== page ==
Azibuyele Emasisweni: Return to the Source


Azibuyele Emasisweni is the first solo exhibition of the renowned artist and sangoma Pitika Ntuli to comprise solely of works sculpted from bone. Pitika uses bones to ‘divine the state of the nation in a season of anomie’.   

These sculptures took Pitika three years to create. Azibuyele Emasisweni doesn’t only lead the viewer back in time but through a unique and original use of material, form and symbolism.  

Initially conceptualised featuring 45 sculptures created by Pitika, it was decided in the context of Covid-19 to present this exhibition embracing new formats and modes of presentation.  Pitika wrote and recorded 45 praise songs, one for each sculpture to present these as audio notes to accompany the images. He also gathered a circle of 33 thought and creative leaders to engage with him around the exhibition, the artworks, African spirituality, indigenous knowledge systems and healing. 

The high profile list of collaborators includes the Minister of International Relations Naledi Pandor, Ngugi wa Thiong’o, Homi K. Bhabha, Don Mattera, the Deputy Minister of Education Buti Manamela, Phillippa Yaa de Villiers, Shaheen Merali, Gcina Mhlophe, Sibongile Khumalo, Zolani Mahola, Ela Gandhi, Simphiwe Dana, Yvonne Chaka Chaka, Kwesi Owusu, Eugene Skeef, Ahmed Rajab, Napo Masheane, Nalini Moodley, Antoinette Ntuli, Albie Sachs, Florence Masebe, Shado Twala, Ruzy  Rusike, Juwon Ogungbe, Felix Kobina Venter, Ari Sitas, Lallitha Jawahirilal, Sope Maitufi, Bheki Gumede, Sandile Ngidi and Nduduzo Makhathini.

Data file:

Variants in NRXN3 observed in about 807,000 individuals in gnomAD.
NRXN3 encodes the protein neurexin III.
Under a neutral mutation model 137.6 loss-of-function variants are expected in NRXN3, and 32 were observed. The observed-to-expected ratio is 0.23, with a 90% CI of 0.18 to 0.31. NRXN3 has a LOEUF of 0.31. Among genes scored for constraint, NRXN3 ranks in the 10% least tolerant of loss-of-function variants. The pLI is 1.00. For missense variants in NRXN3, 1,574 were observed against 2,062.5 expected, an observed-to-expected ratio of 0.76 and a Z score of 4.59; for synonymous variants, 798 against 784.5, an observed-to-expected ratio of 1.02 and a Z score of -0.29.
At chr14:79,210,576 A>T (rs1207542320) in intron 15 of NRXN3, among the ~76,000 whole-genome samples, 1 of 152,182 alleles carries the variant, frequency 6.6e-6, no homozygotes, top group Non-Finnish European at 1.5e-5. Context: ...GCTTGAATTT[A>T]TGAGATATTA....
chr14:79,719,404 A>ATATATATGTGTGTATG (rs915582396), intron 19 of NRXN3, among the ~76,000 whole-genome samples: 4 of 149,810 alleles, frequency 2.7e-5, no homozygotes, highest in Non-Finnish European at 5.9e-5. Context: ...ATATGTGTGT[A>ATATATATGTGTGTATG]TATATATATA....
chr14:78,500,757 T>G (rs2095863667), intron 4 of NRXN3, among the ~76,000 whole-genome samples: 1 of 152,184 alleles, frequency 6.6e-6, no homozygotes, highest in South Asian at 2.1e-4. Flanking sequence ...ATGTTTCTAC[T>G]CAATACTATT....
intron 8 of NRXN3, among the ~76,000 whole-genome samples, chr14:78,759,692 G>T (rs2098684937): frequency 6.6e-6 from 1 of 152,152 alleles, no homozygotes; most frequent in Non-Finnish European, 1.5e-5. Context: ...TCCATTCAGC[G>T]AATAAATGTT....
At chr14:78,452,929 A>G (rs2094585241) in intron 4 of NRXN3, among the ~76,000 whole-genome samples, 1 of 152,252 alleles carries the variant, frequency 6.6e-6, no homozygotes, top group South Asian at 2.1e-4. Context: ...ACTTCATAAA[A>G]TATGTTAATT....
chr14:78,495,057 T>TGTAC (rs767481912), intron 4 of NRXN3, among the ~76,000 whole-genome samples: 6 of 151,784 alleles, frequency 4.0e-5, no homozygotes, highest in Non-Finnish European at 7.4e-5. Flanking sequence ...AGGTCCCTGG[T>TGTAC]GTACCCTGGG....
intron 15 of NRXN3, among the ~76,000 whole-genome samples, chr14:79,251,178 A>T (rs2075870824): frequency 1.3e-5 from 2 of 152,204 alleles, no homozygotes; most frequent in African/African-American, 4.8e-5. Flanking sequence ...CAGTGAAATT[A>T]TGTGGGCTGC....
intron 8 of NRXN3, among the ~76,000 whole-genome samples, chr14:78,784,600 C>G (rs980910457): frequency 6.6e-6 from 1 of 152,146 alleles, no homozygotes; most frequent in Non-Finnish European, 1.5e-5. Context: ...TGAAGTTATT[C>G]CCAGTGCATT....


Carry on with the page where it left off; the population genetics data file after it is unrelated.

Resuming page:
Azibuyele Emasisweni leads the viewer to reflect on South Africa’s current spiritual landscape through a unique and original use of material, form and symbolism. Individual works create a link between the ancient indigenous and spiritual knowledge systems of Africa, the perceptions of colonising powers, and South Africa’s current state of the nation. 


Pitika Ntuli was born in 1940 in Springs and grew up in Witbank in Mpumalanga, South Africa. During the Apartheid era, Ntuli was arrested and made a political prisoner until 1978, when international pressure forced his release. He embarked on a prodigious career in exile. Since completing a Master of Fine Art at Pratt Institute in New York and an MA at Brunel University in London in 1985, he has lectured art at various international and South African universities including; Central St. Martin’s College of Art and Wits University. He is primarily a sculptor. His stark skeletal structures are created in different mediums including metal, wood, stone and bone and range from small to monumental works in granite that weigh in excess of 19 tonnes. He has held numerous solo exhibitions and participated in a myriad of group exhibitions, mostly in London. His works are held in numerous important public, private and corporate collections.